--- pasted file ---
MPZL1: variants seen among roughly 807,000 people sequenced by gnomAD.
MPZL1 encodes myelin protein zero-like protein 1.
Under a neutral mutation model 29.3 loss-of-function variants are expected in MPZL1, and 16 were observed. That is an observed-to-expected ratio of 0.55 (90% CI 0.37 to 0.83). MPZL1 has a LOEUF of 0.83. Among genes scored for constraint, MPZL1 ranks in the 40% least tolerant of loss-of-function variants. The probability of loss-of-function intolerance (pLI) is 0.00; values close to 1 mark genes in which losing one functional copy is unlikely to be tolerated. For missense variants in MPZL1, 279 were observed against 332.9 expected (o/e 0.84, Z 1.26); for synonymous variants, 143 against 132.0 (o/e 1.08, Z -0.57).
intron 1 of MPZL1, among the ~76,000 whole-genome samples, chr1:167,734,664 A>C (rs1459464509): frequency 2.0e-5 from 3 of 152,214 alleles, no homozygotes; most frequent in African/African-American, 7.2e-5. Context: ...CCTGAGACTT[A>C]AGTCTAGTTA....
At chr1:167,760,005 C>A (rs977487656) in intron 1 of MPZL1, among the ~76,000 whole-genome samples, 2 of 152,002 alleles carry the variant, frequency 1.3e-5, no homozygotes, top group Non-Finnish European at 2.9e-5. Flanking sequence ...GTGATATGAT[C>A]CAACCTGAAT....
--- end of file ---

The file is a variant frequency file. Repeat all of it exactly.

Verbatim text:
MPZL1: variants seen among roughly 807,000 people sequenced by gnomAD.
MPZL1 encodes myelin protein zero-like protein 1.
Under a neutral mutation model 29.3 loss-of-function variants are expected in MPZL1, and 16 were observed. That is an observed-to-expected ratio of 0.55 (90% CI 0.37 to 0.83). MPZL1 has a LOEUF of 0.83. Among genes scored for constraint, MPZL1 ranks in the 40% least tolerant of loss-of-function variants. The probability of loss-of-function intolerance (pLI) is 0.00; values close to 1 mark genes in which losing one functional copy is unlikely to be tolerated. For missense variants in MPZL1, 279 were observed against 332.9 expected (o/e 0.84, Z 1.26); for synonymous variants, 143 against 132.0 (o/e 1.08, Z -0.57).
intron 1 of MPZL1, among the ~76,000 whole-genome samples, chr1:167,734,664 A>C (rs1459464509): frequency 2.0e-5 from 3 of 152,214 alleles, no homozygotes; most frequent in African/African-American, 7.2e-5. Context: ...CCTGAGACTT[A>C]AGTCTAGTTA....
At chr1:167,760,005 C>A (rs977487656) in intron 1 of MPZL1, among the ~76,000 whole-genome samples, 2 of 152,002 alleles carry the variant, frequency 1.3e-5, no homozygotes, top group Non-Finnish European at 2.9e-5. Flanking sequence ...GTGATATGAT[C>A]CAACCTGAAT....